How the Tech Web Frenzy Gets Apple Wrong

NEW YORK (TheStreet) -- Apple  (AAPL) does some interesting things that make it unique, frustrating and a great target to write about -- even if understanding is frequently limited.

First, Apple keeps secrets very well. That's a measure to afford customer surprise and delight -- plus maintain a competitive advantage. As a result, observers are excited about every tiny bit of news or rumor as they try to put the jigsaw puzzle pieces into place. When analysis goes astray, sometimes with agenda, the real story is lost.

Second, Apple doesn't allow itself to be maneuvered into technical arguments that could confuse the customer. Write something absolutely wrong about Apple, and you'll get silence, not a rebuttal. That infuriates many writers.

Third, Apple is a charismatic, enigmatic company with colorful employees. They're fun to write about. Observers, from afar, would hope that they could put into political context every personnel change. It often fails.

Finally, Apple is a company that makes delightful products and pleases its customers, but it controls its message very carefully through the media and seldom kowtows to them. The inability to manipulate Apple with their presumed power annoys many tech writers.

Basically, the drama surrounding Apple sells. Apple's opacity ends up turning many technical journalists into gossip columnists. It's all not far removed from the paparazzi who cover the British Royal Family or Hollywood stars, but because we couch our industry in the cloak of technology and acronyms, it's easy to rationalize that it's all a very legit, high-tech affair.

The Impact

The result of all this is that if Apple makes a mistake, it's suddenly huge news. But the fact is, Apple is a company comprised of human beings who are fallible and do make mistakes from time time. In the end, those mistakes are remedied and have not yet led to the complete collapse of Apple.

But there's drama in thinking those mistakes might.

There's also a social effect in the Mac Web. If one author is able to create a big sensation with an alluring story about Apple and is able to press the readers' hot buttons with an especially clever and catchy headline, the author gets a few minutes of fame. Then, in response, other sites get nervous. There's an Internet buzz of low hanging fruit, just waiting to be captured. In response, writers at other sites chime in, hoping to cash in.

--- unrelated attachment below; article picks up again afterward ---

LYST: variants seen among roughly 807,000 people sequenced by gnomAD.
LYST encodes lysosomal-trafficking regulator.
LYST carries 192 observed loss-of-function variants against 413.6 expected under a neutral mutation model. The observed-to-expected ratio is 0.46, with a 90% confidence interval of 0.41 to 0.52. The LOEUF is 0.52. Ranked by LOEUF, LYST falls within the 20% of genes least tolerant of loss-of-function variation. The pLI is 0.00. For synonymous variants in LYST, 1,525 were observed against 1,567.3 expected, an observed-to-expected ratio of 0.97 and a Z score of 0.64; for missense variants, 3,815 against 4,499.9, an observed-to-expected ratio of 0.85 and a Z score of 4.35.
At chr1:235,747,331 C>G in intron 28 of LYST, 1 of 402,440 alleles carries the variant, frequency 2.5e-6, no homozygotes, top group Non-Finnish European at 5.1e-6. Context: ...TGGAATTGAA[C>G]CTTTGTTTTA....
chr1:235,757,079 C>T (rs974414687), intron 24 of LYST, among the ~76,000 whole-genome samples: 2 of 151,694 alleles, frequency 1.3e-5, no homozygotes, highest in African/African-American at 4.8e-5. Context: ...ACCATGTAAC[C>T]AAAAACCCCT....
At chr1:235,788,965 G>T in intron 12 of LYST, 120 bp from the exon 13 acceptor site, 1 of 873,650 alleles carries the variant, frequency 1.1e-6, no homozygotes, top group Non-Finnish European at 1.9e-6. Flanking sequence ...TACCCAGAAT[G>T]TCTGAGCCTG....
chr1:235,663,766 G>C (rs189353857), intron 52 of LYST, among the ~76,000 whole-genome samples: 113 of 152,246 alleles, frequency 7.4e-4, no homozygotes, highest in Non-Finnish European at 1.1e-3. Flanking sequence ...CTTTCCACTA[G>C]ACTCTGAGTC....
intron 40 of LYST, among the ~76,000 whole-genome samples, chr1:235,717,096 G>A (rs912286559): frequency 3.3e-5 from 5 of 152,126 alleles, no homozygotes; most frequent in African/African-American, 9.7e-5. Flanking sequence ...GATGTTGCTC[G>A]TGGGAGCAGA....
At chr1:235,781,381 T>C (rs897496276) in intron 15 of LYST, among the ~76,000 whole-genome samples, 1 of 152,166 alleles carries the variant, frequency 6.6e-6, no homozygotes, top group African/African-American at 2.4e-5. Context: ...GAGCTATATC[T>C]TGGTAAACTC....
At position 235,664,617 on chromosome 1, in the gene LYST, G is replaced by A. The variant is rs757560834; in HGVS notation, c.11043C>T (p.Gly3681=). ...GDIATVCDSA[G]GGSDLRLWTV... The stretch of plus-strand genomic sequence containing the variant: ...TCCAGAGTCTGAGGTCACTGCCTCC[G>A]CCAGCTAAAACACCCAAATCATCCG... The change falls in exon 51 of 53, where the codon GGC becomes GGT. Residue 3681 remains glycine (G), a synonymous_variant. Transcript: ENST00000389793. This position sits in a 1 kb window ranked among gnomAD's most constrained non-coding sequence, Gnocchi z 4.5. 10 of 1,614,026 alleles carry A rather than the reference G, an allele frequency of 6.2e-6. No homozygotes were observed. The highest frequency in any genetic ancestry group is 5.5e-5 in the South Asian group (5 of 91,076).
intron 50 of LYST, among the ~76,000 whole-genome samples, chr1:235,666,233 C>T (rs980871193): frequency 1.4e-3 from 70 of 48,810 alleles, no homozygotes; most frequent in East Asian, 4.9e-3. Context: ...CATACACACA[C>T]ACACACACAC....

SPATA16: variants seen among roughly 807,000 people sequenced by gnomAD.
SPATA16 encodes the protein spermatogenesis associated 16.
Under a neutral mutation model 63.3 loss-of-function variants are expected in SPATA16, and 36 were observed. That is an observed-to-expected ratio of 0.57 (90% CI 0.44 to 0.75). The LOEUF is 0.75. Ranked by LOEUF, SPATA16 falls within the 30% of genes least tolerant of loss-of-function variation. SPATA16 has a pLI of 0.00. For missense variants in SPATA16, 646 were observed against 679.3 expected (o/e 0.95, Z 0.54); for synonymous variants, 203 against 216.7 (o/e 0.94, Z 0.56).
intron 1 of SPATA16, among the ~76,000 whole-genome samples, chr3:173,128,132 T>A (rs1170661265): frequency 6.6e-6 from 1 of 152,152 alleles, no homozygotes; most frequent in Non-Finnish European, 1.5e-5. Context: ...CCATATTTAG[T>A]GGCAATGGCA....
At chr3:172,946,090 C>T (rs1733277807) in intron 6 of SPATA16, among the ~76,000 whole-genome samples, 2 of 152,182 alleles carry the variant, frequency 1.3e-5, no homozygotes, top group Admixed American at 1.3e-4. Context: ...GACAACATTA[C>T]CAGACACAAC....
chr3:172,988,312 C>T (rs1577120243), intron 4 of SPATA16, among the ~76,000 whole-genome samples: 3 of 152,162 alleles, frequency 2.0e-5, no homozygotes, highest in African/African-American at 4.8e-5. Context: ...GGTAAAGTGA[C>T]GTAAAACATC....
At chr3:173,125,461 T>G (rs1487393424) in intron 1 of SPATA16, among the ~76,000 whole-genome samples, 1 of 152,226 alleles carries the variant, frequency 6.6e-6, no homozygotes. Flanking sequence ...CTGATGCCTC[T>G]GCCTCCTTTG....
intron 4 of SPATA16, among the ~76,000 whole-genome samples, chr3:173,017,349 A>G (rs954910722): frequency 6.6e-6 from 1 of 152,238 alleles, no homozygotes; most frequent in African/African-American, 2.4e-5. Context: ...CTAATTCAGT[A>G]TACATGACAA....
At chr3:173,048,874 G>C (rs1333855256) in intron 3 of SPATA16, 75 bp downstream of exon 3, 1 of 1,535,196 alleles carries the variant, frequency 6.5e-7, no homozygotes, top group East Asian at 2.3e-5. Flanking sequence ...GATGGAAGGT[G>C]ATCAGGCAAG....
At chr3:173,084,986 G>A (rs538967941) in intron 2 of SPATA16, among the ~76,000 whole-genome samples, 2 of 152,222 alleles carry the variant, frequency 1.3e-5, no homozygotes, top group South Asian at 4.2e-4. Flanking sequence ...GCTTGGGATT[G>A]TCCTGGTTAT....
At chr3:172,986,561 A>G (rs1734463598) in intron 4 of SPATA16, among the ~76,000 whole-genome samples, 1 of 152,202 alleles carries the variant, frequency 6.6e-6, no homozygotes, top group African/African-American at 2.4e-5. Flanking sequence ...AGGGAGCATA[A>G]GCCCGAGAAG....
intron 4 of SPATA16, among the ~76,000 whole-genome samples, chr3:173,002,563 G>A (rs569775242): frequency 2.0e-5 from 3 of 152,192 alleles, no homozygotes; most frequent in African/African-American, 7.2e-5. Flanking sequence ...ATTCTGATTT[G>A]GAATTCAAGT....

Everyone wants a piece of the Apple action.

Worse, if a more considered and sober analysis is available, there is concern that it won't generate as much excitement. There is some mob psychology at work.

The Infamous Echo Chamber

There's a well-known technical name for this effect, the "echo chamber." Everyone echoes everyone else until the fires subside and then everyone moves on to the next drama. Needless to say, this leaves the readers dazed and cynical.

Finally, no writer wants to look like a doofus and be caught looking wrong-footed on the next technological revolution, so everyone is eager to see what Apple has up its sleeve, and everyone is eager to see if other companies are geting it right by comparison. That's why Jay Yarow could write this about Google Glass:

"After reading all the reviews, and talking to people who actually wore Glass, I just see a product plagued by bugs, and of questionable use, that's generating a lot of buzz because people want so desperately to have some new gadget to latch onto, and fear being wrong about the next major technology trend."

Jumping on those various tech bandwagons is another aspect of the echo chamber.

If you want to really understand Apple, it's important to follow experienced, courageous authors who understand Apple, not sensational headlines.

As I mentioned above, there are many writers and indeed whole Web sites that don't care for Apple. And so, they're not willing to let Apple lead the way. They make up their own alternative, fantasy future and sell it.

Meanwhile, Apple employees, who stay pretty busy, are greatly amused when they occasionally look in on these affairs.

At the time of publication the author is long AAPL.

This article represents the opinion of a contributor and not necessarily that of TheStreet or its editorial staff.

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